Delinquency Rates Expected to Keep Improving

Loan performance improved widely in the fourth quarter of 2004, though the Federal Housing Administration continues to suffer from unexpectedly high default rates. The number of FHA loans entering foreclosure hit an all time high late last year.

But for other loan types, both delinquencies and defaults have trended downward, and many economists expect that trend to continue.

Overall, 4.23% of home loans were at least 30 days past due at the end of 2004 and 1.12% were in the foreclosure process. The overall delinquency rate was 26 basis points lower than it had been in the fourth quarter of 2003 while the foreclosure rate was down 17 basis points year-over-year. Both the delinquency and foreclosure rates also were down on a quarter-to-quarter basis.

Moreover, the MBA's chief economist expects the performance of loans outstanding will continue to improve - at least for the next few quarters, before the huge pool of loans originated during the last couple of years starts to season into its peak delinquency years. In the meantime, an improving economy and steady job growth augur well for loan performance.

"Overall, mortgage delinquencies are lower than a year ago and lower than last quarter," Mr. Duncan said in a telephone press conference.

However, FHA loans were entering the foreclosure process at a pace of 1.05% during the fourth quarter. The overall delinquency rate for FHA loans declined just two basis points from one year earlier, ending 2004 at a stubbornly high 12.21%. That's more than two percentage points higher than the delinquency rate on subprime credit-quality loans.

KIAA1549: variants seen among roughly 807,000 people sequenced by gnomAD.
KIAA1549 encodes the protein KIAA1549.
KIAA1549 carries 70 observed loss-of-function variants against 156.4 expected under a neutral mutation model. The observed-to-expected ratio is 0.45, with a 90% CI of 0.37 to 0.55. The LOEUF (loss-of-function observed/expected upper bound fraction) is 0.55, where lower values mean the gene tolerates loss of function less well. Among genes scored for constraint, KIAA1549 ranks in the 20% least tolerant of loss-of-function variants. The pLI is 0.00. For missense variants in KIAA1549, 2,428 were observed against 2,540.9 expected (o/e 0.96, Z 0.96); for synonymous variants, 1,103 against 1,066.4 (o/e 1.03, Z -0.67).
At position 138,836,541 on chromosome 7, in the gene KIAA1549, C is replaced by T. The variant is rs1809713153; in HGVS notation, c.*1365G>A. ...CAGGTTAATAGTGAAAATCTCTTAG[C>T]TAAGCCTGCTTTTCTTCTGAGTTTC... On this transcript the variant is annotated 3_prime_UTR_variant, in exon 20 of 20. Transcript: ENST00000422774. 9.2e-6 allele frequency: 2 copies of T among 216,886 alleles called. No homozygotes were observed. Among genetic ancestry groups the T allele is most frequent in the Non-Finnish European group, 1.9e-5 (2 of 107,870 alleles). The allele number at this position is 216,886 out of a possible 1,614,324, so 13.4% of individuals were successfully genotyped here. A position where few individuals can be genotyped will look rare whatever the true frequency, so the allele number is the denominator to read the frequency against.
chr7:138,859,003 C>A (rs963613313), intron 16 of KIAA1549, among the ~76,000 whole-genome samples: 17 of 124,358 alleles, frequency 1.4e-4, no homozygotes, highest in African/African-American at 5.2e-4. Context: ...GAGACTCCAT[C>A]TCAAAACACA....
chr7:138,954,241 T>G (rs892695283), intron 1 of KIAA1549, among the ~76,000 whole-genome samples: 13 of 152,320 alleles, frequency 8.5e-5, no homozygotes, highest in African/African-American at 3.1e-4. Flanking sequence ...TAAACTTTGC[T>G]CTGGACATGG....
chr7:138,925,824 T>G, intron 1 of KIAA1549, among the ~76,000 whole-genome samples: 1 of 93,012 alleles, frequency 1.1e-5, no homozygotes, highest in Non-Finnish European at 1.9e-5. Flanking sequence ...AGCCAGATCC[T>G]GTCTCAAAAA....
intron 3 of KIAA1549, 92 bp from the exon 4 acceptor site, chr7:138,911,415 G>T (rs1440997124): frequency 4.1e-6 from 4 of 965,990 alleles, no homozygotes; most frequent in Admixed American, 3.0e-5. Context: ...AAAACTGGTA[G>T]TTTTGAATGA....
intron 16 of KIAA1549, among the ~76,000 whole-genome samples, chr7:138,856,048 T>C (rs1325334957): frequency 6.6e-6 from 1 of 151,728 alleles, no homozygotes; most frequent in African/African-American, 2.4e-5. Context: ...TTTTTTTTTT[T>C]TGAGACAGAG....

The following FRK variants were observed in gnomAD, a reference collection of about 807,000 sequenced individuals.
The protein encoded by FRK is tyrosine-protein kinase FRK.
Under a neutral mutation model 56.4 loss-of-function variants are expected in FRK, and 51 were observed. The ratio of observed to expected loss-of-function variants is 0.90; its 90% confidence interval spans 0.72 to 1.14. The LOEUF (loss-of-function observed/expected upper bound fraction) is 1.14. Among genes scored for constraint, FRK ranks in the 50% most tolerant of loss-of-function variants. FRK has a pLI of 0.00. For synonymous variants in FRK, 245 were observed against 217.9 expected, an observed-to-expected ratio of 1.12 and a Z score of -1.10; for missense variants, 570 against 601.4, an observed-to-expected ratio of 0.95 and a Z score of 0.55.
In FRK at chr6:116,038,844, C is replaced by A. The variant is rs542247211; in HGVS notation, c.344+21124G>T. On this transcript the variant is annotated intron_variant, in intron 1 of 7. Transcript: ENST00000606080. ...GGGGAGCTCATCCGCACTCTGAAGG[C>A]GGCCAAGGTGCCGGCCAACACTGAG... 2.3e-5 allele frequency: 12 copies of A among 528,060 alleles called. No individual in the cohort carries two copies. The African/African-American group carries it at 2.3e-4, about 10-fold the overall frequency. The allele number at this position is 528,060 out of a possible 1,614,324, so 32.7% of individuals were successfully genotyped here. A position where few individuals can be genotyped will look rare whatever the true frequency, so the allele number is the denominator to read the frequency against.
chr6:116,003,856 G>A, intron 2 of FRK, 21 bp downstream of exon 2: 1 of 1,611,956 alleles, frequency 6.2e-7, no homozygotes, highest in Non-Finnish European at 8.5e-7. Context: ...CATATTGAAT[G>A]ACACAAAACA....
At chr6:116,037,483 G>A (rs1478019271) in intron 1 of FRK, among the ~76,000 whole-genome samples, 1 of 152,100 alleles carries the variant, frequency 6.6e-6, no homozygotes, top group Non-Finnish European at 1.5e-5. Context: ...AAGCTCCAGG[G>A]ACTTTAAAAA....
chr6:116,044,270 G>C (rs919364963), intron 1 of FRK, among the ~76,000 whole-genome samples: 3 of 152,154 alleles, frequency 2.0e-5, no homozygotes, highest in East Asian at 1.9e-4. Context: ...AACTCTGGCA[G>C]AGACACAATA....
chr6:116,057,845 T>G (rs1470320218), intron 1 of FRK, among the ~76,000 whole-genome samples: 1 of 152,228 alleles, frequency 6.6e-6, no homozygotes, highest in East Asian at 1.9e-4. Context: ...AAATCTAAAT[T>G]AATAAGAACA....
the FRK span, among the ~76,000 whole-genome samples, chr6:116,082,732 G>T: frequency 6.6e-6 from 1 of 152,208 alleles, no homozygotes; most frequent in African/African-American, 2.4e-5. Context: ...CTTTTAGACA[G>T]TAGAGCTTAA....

Mr. Duncan said the performance of FHA loans "is a problem that will have to be dealt with" in terms of its program offerings.

"The FHA has seen the effect of developments in private markets erode its market share," Mr. Duncan said.

The advent and wide use of automated underwriting has allowed conventional lenders to better assess borrower risk, taking some borrowers who in the past may have been directed to the FHA.

Strong home price appreciation has also allowed many of the FHA's existing customers to refinance into lower-cost conventional loans. And private mortgage insurance companies have bid away some of the FHA's best prospects with new affordable housing products.

Moreover, because the FHA is a heavily regulated program, the cost of making FHA loans is higher than making conventional loans, which may discourage some lenders from participating in the FHA program.

That leaves the FHA with a "weaker and weaker" portfolio of business, Mr. Duncan said. The MBA currently has a task force studying possible changes to bolster the solvency of the FHA program in the long run.

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